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    I could see some departments running one simply to get more ground ladders to the scene. It seems most trucks nowadays are awfuly ill equipped in that department. My department has two newer pierce rear mounts that are pathetic. One 35 one 24 and (2) 16 ft straight ladders. The engine companies almost carry as much. They were demo units that were purchased cheaply, but regardless, most trucks comming out are very quick to dump the ground ladders for compartment space (for all these tools for a minimum staffed rig) and dare I say hose.

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    I can see the use only in the suburban and rural areas where set backs would make an aerial useless the majority of the time. I could also see it being of use if it were part of an actual two piece company (the ladder truck being fully staffed) to bring additional ground ladders and rescue equipment to the party, especially if the truck companies are doing a lot of specialty and technical rescue.

    As for that cross staffing garbage, I'm not a fan of it.

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    A department near me just got rid of nearly 6 of these engines. they have 97' of ladders. Not too shabby for thinking in 1989.

    http://firetrucksplus.com/imageuploa...L9000_Rear.jpg

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    I'm still failing to grasp the actual savings of the ladder tender concept. On the surface it appears that running about to EMS calls in a smaller vehicle, reducing wear and tear on a larger aerial could show some financial responsibility. But one must look a little further: Twice as many vehicles per company means twice as much maintenance, twice the driver training, an extra bay per assigned company, plus the apparatus and equipment costs. I find it hard to believe that these costs are less than the extra mileage and wear and tear on aerials. It seems like a public relations type concept that looks to the lay public like it saves money yet actually costs more. I could be wrong, but I'm skeptical.

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    Don't know if it has been placed in service at this point - but Indianapolis recently took delivery of a Freightliner/Ferrara city service ladder.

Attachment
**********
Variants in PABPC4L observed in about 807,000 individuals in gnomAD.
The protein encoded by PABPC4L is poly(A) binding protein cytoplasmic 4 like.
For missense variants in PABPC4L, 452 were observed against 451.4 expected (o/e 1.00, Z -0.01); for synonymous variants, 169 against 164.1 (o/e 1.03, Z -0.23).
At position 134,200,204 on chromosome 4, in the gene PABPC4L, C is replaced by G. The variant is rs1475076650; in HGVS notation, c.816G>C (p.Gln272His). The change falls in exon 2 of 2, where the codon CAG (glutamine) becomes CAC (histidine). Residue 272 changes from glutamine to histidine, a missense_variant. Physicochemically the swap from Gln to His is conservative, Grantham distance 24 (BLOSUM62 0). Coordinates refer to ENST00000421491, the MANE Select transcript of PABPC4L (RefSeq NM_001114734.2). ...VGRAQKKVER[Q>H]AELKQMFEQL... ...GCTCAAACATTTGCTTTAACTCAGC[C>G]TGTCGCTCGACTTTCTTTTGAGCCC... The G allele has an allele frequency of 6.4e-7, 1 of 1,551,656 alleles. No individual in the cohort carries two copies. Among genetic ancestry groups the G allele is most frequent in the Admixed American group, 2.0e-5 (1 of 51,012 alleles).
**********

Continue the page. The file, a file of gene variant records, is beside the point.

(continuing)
Also, you can view photos of the Cary city service trucks on the Youngstown Fire Forums:

    1993 Pierce City Service

    1996 Seagrave/Marion City Service

    Mack/Craft City Service

    Quads are still around too. Just as an example Pleasure Ridge Park, Kentucky operates a pair of these 2000 Seagrave quads.

    Pleasure Ridge Park 2000 Seagrave Quad

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    Here's ours. 2007 Toyne/Spartan, 1500 GPM CAFS engine. 186" wheelbase. Height, 9' 11-1/2"

    Left side, 2 - 24' 2 sect. and a 10' attic ladder. Right side, 14' roof ladder and a 35' 3 sect. 13' Little Giant in the right front compartment. Total, 120'. Also carried: 2000' 5"; truckie tools, basic hydraulic rescue tools (small power unit, combi-tool, cutter and spreader); short and long stabilizing struts, other stuff.
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    LittleJoe7197,

    Can you post some more pictures? Looks like an interesting quad.

    We were interested in something like cheifengineer11's engine, but had to buy used instead, only carries a 35', 16' roof and 10' attic.

    We like the concept for rural dept. that can't afford or house a truck. Extra ground ladders on scene would be useful.

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    Quote Originally Posted by Nozzle nut 22 View Post
    Wow, that's a lot of goodies on 1 truck! How is it working out for you? I ask, because I'm wondering- with a big tank like that, AND a massive ladder tunnel, how high is the hosebed? Did you have to lengthen the body to fit the 2 section ladders AND a pump house? Do you have any other pics of this rig?
    The unit works out well. The tank gallonage was not specified, rather UPF built the tank around the ladder compliment and hosebed and we let them tell us what it held. We wanted at least 500, 750 would have been better, but 915 was nice as we replaced a 1000 gallon engine.

    The hosebed is the typical height for a single-rear axle 1000 gallon engine. Since this is a tandem axle, we were able to move the water forward. The body includes the pumphouse and is 24ft long. The 20ft roof ladder actually extends into the pumphouse and the "hooks" must face out due to piping.

    Hose21, pm me your Email address and I will send you a link to pics.
    Last edited by LittleJoe7197; 07-03-2011 at 05:39 PM.

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    Nice. Sounds like a nicely designed engine.

    We have an '05 4Guys/Spartan engine. 900 some-odd gal tank, with 2 tunnels, 1 on each side of the tank, behind the high sides. Ladders on one side, hard sleeves, poles and backboards on the other. I like it- it keeps everything inside, out of the snow, slush, salt, and tree limbs, AND it's all at a reasonable height. No more climbing after hard sleeves! Hosebed is about average for a 1000 gal tank on a short wheelbase, maybe a touch lower than the Pierce. 4Guys was very good to work with, pretty much wide open to whatever customizations you wanted. Last I heard we were looking hard at another.

    We had to go with the 3 fly 35's on our quint, due to length. With the tank, pump box, and forward outriggers, there wasn't enough room for the 2 fly's we really wanted w/o making the truck too long. There WAS enough room for two of em AND a 24'er, plus strait ladders, hooks and an attic ladder. The longer strait ladder is on the bed section of the aerial.